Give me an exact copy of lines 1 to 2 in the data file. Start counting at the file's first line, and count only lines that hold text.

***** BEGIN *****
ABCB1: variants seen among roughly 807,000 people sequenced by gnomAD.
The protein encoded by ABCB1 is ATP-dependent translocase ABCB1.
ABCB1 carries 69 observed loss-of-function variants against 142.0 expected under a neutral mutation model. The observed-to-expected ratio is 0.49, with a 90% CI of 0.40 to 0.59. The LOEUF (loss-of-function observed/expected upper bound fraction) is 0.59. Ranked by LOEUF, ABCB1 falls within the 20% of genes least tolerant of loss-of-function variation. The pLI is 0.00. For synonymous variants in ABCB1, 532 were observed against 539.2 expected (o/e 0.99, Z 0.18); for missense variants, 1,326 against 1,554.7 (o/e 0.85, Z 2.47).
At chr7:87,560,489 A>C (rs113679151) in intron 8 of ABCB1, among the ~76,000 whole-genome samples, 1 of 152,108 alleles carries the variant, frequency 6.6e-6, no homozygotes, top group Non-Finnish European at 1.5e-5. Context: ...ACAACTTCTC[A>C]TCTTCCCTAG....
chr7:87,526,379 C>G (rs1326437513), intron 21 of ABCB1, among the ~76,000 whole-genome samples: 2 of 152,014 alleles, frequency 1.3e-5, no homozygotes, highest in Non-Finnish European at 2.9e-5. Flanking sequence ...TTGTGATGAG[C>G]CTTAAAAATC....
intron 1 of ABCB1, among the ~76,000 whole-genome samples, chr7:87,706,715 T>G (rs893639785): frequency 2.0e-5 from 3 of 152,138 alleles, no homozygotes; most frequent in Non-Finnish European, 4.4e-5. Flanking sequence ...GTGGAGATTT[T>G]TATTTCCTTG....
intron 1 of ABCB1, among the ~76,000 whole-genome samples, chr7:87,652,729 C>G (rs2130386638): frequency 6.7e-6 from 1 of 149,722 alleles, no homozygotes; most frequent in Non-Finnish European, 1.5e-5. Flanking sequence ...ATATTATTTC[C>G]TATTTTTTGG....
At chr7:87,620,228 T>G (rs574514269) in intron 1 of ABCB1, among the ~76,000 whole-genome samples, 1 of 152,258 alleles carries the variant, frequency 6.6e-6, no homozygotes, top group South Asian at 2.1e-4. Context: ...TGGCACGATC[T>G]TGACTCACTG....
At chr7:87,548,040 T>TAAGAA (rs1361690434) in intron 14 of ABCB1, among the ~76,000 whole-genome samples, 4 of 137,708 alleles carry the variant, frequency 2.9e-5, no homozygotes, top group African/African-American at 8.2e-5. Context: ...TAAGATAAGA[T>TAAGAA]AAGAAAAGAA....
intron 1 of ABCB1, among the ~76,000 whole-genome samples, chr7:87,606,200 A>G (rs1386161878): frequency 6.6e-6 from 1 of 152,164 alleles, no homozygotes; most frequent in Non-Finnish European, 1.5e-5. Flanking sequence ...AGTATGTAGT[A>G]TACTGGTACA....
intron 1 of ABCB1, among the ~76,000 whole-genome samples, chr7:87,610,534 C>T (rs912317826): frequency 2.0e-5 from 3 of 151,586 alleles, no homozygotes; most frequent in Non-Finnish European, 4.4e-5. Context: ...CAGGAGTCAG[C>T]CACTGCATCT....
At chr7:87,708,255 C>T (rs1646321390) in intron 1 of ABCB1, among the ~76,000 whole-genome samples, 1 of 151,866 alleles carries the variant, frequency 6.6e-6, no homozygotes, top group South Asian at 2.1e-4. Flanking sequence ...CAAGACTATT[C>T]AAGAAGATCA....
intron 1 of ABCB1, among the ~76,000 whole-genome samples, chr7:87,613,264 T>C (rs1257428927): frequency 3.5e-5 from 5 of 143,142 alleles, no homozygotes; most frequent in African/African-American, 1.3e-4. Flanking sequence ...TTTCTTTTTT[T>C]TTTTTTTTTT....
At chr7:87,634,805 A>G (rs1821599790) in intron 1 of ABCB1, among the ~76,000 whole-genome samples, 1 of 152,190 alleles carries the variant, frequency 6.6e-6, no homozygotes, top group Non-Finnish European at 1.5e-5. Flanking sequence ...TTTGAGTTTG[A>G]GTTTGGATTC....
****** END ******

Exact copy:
ABCB1: variants seen among roughly 807,000 people sequenced by gnomAD.
The protein encoded by ABCB1 is ATP-dependent translocase ABCB1.